2. Drawing Down the Moon by Margot Adler:  I know I’ve talked about this book on my blog before, but I want to reiterate the idea that it is essential for anyone in any faith to know its history.  Hense, this book.
  3. Any Book of Myths: These stories, brought from our ancestors, are the ultimate basis of modern tradition because they not only present stories but also give insight into old school ritual and faith practices.  So, grab your Bullfinch’s or Edith Hamilton and get reading.

© Ariadne Woods

Litha Recipes

The Summer Solstice is coming up fast.  It’s on a Friday night, so why not host a feast!  Here are a couple of tasty recipes to get you started.

  • Roasted or Grilled Veggies: Asparagus, broccoli, peppers, even early squash drizzled with olive oil, salt, and pepper.  350 degree F oven for 20 minutes or so.  If you want to step them up, add a couple cloves of garlic to the roasting pan or marinade.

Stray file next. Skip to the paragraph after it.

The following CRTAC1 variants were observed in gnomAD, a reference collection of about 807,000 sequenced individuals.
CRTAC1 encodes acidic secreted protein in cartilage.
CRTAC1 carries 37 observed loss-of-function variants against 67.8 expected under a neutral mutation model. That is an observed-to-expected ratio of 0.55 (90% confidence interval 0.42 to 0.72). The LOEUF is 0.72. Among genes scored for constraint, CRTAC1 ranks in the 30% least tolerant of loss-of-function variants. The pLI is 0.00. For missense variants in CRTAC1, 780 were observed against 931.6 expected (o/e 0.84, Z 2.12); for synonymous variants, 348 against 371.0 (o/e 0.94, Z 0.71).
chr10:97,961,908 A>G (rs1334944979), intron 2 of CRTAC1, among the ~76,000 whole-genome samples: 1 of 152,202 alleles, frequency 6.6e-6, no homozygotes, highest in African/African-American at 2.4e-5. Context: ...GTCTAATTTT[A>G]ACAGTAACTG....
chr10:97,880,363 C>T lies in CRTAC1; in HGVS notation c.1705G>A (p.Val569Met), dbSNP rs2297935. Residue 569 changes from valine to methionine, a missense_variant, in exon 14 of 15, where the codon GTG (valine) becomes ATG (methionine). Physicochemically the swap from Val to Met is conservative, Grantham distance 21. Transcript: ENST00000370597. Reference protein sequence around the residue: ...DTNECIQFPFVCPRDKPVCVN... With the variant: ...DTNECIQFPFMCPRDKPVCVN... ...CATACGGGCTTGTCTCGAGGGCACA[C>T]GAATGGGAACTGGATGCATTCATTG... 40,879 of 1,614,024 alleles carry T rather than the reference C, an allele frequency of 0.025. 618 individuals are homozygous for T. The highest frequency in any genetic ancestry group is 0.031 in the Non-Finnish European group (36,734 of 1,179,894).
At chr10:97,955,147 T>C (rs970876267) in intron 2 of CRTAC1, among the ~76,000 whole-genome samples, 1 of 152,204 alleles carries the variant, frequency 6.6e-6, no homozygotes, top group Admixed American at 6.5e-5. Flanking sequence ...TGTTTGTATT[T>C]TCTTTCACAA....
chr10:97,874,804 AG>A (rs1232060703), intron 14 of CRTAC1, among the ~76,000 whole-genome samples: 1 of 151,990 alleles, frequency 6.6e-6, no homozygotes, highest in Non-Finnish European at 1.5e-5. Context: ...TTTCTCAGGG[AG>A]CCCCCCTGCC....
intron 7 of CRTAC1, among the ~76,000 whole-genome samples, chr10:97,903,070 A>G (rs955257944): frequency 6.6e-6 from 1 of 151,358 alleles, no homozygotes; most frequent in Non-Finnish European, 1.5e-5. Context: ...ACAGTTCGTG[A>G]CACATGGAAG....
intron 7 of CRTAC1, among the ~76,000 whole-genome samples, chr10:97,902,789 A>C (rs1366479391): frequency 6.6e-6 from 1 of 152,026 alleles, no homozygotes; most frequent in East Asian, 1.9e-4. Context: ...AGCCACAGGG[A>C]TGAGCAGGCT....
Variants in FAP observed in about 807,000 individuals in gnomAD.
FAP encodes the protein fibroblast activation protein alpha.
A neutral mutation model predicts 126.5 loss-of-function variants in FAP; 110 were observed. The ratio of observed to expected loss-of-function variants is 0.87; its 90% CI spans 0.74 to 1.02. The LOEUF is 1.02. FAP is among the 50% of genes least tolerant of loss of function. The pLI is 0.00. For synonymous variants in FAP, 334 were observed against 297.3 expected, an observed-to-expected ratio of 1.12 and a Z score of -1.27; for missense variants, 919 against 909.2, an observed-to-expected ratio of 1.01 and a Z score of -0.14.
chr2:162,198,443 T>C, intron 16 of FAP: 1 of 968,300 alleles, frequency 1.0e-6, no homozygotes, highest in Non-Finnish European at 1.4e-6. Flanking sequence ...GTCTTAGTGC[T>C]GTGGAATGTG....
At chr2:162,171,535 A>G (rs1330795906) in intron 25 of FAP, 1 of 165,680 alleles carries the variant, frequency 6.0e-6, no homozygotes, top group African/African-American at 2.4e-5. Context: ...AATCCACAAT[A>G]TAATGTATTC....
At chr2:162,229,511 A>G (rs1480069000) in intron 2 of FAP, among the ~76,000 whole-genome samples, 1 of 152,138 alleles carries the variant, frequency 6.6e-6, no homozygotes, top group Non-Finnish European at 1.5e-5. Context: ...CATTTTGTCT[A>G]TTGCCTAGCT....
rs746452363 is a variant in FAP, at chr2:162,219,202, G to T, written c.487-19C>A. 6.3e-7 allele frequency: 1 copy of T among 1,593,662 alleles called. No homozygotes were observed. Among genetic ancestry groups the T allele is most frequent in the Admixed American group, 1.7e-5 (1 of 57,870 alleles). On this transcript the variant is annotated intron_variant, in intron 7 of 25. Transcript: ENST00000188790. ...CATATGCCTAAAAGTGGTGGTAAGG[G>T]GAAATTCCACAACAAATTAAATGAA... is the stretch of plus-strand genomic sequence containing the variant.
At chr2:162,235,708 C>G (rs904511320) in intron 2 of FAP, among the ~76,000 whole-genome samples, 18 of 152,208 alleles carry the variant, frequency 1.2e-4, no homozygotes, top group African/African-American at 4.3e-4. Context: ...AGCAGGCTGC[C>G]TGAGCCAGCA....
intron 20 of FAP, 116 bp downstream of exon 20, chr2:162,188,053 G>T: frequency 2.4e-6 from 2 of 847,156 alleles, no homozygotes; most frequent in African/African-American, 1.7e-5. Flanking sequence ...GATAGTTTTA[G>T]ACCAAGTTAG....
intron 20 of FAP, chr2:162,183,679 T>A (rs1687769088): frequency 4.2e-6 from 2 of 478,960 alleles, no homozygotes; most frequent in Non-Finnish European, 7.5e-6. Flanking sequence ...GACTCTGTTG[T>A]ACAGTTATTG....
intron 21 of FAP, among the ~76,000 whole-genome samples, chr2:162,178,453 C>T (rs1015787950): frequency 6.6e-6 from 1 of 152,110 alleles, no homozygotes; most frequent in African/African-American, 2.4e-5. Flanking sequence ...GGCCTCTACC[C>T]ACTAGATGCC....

• Tacos: For me, summer invokes memories of my dad making refried beans and fresh guacamole.  Put the fillings–meat, beans, tomatos, salsa, sour cream, etc.–in small bowls so that each person can have fun assembling their Litha feast.
  • Fresh Fruit: Berries, bananas, peaches, pears, grapes.  Chop, mix, eat.
  • Mediterranean Salad: 1 can of chick peas drained, 1 large tomato chopped, 1 English cucumber diced, 1 small red onion diced, 1 jar of artichokes drained, 1 container of Kalamala olives pitted, and 1 block of diced (you can crumble, but I like bigger pieces) of feta.  Combine in a bowl.  In a small, separate bowl whisk the juice of 1 lemon, a handful of mint chopped, salt, pepper, and a little olive oil.  Drizzle over veggies and enjoy.